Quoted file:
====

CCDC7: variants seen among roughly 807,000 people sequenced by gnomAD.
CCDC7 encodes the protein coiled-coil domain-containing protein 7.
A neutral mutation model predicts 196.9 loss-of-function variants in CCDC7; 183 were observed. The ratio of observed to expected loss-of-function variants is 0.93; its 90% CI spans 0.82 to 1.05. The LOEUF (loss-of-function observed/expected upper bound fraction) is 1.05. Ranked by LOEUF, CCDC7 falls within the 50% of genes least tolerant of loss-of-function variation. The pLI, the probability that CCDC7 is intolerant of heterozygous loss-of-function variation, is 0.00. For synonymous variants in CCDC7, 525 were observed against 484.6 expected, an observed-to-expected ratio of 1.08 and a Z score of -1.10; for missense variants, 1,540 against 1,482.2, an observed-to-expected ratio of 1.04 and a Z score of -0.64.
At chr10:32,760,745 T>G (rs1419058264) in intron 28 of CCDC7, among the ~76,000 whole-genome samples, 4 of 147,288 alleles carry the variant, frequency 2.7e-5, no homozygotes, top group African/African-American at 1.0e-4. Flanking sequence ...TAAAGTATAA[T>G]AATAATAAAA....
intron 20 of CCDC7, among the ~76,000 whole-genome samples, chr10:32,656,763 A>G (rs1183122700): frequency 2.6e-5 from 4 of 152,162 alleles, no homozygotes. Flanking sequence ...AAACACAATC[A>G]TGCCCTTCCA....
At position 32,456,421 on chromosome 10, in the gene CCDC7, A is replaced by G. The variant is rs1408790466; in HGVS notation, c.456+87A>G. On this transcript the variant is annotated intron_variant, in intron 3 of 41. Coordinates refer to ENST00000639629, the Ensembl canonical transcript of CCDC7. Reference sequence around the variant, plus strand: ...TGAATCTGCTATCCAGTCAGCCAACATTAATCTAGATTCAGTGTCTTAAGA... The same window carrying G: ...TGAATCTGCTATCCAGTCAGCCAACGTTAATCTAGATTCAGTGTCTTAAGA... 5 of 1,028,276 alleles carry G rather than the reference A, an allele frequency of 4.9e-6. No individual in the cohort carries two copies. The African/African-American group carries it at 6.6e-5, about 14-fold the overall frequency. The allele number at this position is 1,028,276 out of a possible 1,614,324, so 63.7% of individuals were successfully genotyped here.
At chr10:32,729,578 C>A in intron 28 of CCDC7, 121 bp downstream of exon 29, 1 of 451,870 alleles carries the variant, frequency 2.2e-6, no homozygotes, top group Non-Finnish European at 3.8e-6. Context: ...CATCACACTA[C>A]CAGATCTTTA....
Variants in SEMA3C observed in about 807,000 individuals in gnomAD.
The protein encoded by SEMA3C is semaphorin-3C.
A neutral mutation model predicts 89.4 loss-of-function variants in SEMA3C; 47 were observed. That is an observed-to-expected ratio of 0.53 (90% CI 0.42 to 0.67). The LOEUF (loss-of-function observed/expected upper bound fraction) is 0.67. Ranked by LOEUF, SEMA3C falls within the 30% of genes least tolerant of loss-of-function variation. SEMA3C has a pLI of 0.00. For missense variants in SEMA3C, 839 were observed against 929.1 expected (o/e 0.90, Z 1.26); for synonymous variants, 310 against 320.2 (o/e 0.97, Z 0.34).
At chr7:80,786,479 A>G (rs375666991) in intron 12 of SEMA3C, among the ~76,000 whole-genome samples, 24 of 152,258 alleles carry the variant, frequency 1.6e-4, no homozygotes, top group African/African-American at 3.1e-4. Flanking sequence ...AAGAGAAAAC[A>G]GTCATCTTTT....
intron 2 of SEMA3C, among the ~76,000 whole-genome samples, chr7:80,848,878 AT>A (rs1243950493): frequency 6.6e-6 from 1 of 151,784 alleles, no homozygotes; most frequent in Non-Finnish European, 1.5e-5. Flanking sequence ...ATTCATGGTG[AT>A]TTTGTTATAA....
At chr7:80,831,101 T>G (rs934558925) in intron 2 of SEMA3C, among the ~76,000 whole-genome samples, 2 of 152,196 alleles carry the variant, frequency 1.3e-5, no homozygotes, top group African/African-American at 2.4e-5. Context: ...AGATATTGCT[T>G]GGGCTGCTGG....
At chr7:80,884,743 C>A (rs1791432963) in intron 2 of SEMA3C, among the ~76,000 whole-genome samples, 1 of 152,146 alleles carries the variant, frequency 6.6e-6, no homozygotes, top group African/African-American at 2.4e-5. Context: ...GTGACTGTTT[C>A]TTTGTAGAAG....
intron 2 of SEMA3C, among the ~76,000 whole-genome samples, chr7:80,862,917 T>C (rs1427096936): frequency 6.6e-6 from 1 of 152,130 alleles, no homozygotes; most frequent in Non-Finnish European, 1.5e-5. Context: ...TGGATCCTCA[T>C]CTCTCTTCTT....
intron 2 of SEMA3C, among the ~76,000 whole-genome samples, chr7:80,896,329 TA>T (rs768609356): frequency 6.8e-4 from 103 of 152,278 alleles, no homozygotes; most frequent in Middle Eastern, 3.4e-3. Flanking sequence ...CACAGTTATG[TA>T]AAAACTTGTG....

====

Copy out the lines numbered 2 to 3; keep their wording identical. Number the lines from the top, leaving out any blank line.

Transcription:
CCDC7 encodes the protein coiled-coil domain-containing protein 7.
A neutral mutation model predicts 196.9 loss-of-function variants in CCDC7; 183 were observed. The ratio of observed to expected loss-of-function variants is 0.93; its 90% CI spans 0.82 to 1.05. The LOEUF (loss-of-function observed/expected upper bound fraction) is 1.05. Ranked by LOEUF, CCDC7 falls within the 50% of genes least tolerant of loss-of-function variation. The pLI, the probability that CCDC7 is intolerant of heterozygous loss-of-function variation, is 0.00. For synonymous variants in CCDC7, 525 were observed against 484.6 expected, an observed-to-expected ratio of 1.08 and a Z score of -1.10; for missense variants, 1,540 against 1,482.2, an observed-to-expected ratio of 1.04 and a Z score of -0.64.